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Tuesday, March 28, 2006

Your Personal Lexicon (Interview Included)

In my class: The English Language (a beginning linguistics class), we were discussing how each person has a "personal" lexicon. A lexicon, by definition, is about the same thing as a "vocabulary" of words. A lexicon is the full range of words available for use. Every language, dialect, and person has their own lexicon Many factors contribute to the fomation of any lexicon, but the lexicon of a single human is unique, in that it grows according to the owner's willingness to expand it, and the areas which recieve the most attention. . . well, those all depend on the the individusl spesker's own interests and/or environment.

I've done a lot of brainstorming for this project entry and have become convinved that it will be VERY difficult to single out just a few examples and scenarios The material is endless! Every person I've met in my life would make a good example - as would I myself. My own vocabulary, I'm sure, reflects something of my "personal culture."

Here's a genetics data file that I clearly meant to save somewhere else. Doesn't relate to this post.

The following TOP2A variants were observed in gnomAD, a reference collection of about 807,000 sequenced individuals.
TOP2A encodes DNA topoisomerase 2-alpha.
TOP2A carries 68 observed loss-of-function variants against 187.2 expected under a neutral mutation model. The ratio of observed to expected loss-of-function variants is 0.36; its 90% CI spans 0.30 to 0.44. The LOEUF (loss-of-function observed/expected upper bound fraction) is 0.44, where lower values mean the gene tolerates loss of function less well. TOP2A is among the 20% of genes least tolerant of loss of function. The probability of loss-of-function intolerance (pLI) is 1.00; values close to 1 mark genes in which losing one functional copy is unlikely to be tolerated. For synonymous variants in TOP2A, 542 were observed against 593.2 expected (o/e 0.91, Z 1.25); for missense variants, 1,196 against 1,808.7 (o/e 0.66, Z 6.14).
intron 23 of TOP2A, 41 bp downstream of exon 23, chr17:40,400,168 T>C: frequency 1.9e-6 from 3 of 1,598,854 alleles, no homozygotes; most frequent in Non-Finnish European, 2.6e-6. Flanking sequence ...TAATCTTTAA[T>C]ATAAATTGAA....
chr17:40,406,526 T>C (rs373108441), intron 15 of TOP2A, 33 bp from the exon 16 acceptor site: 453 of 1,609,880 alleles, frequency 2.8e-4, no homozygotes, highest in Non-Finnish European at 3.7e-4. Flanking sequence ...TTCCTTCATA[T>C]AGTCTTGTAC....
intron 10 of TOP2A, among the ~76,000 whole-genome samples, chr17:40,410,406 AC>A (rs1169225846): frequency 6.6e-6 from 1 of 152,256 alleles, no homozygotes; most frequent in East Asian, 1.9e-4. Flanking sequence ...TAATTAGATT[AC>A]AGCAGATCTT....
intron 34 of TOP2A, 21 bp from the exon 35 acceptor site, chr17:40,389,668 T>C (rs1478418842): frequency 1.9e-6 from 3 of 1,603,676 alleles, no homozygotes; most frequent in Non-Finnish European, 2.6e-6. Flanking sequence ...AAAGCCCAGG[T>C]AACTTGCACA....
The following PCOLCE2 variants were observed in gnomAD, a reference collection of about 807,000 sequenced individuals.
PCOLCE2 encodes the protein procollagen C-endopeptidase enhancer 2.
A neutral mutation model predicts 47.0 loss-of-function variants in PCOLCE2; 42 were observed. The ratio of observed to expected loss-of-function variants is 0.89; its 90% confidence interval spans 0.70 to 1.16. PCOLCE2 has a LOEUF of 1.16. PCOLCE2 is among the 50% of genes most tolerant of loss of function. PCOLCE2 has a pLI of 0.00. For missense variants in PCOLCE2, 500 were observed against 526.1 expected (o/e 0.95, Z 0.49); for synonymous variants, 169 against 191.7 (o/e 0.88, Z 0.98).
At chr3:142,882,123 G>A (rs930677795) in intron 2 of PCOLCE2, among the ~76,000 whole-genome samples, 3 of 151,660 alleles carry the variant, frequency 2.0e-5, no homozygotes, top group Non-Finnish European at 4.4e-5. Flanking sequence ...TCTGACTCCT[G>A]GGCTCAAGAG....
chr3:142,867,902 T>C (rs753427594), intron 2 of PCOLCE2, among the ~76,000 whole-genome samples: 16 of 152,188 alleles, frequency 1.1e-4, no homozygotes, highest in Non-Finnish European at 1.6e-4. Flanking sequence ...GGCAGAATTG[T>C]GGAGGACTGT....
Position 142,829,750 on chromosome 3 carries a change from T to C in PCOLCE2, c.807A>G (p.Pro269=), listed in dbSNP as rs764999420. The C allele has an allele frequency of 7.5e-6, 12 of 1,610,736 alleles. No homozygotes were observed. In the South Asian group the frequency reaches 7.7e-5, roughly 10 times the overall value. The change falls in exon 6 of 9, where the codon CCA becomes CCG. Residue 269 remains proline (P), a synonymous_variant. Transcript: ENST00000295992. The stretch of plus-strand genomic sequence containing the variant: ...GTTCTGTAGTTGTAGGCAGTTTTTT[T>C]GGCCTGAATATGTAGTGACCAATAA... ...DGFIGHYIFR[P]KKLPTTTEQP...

A good example of a background influenced lexicon is my mother's. I'd never given it much thought before, but my mother does use a few words which are distinct - not words used by others. Most of them are slang words, or phrases, or words used only in a joking context, albeit they reflect her background. She loves to, for example, say "ya ya bet ya," when she does a comical impression of the stereotypical though non-existant (in reality) speech of Northern Minnesotans. The reason she has fun with this, though, is due to her Norweigan heritage.